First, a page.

Using drones to spot weeds

Drone technology has recently been used to find infestations of madeira vine.

Using drones to spot weeds

Eyes in the sky - using drones to spot weeds

Article by Ben Green, natural areas technical officer, Sunshine Coast Council

In this ever changing world, new technologies are continuously emerging that prove useful in conservation and ecological restoration. Sunshine Coast Council has adopted the use of UAV (unmanned aerial vehicles), or drones, as useful tools to view and record the world from above.

Drone technology has recently been used to find infestations of madeira vine (Anredera cordifolia) at Tuan environmental reserve near Kenilworth. The reserve is named after the ‘Tuan’ or brush-tailed phascogale (Phascogale tapoatafa), a small, arboreal (tree-dwelling) and nocturnal marsupial of the family Dasyuridae. This reserve was purchased through the environment levy in September 2013 and was extended through the acquisition of a neighbouring lot in 2017. The total reserve size is in excess of 100 hectares.

Tuan environmental reserve is characterised by steep hillsides and ridges containing eucalypt forest and rainforest communities in protected gullies and along Chinaman Creek in the valley. This reserve is home to rare flora and fauna, listed under legislation, including the Maroochy nut (Macadamia ternifolia) and yellow satinheart (Bosistoa transversa), glossy black-cockatoo (Calyptorhynchus lathami) and black-breasted button-quail (Turnix melanogaster).

Council is currently establishing this reserve by using contractors to manage weeds and employ ecological restoration practices. During this establishment phase, surveys are carried out to determine the values and constraints of the reserve which will ultimately influence how the reserve is managed.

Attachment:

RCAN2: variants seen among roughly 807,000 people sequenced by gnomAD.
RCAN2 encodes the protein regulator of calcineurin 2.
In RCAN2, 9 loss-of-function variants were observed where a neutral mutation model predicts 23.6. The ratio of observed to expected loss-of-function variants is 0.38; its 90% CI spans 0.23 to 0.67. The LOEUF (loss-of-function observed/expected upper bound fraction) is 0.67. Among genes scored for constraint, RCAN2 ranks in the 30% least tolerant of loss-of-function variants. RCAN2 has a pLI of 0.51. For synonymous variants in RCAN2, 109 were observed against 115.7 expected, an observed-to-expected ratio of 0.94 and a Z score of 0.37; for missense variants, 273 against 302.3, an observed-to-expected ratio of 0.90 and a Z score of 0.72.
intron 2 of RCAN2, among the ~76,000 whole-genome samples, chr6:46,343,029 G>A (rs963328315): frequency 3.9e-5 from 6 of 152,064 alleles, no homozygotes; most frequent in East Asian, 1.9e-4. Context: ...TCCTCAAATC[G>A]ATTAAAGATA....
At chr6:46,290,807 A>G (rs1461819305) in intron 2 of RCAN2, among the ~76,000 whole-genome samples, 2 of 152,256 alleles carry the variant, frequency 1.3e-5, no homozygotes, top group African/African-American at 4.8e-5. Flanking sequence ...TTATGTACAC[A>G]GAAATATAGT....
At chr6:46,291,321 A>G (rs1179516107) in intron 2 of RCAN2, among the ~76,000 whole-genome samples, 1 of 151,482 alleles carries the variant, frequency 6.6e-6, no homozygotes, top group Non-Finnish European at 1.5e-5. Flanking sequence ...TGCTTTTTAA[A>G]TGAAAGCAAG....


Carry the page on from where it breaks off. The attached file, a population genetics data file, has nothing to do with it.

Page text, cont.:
During ground surveys, the madeira vine was detected in a small number of locations within the reserve. Madeira vine is a highly invasive environmental weed from South America. It is a restricted invasive plant under the Biosecurity Act 2014 known as a ‘transformer’ species. It has the ability to cause irreversible damage to ecosystems by destroying the canopy layer of a forest and smothering the understorey so recruitment of natives is halted. It was imperative that all madeira vine locations within the reserve were identified so infestations can be treated and ultimately eradicated from the reserve. This is where the drones came into use.

Much of the reserve is densely vegetated and rugged, making vine infestations difficult to discover on foot. During the peak flowering period of the madeira vine, council officers carried out a drone aerial survey to help locate infestations. More than one hundred photos of drone footage were searched, successfully identifying the madeira vine’s white flowers against a sea of green images.

Ground-truthing confirmed that there was a serious infestation along a ridgeline that was almost 1 acre in size (4500m2). The understorey was carpeted in dense vine which also smothered the canopy of mature brush box (Lophostemon confertus) trees. Madeira vine was also located within a gully where vine tubers were able to be transported into other parts of the reserve.

Contractors are now working to contain this huge infestation with an aim to eventually eradicate it from the reserve.

Following the success of this work, additional drone surveys are expected to be carried out in the future at this reserve to monitor the success of vine treatment and to search for additional infestations.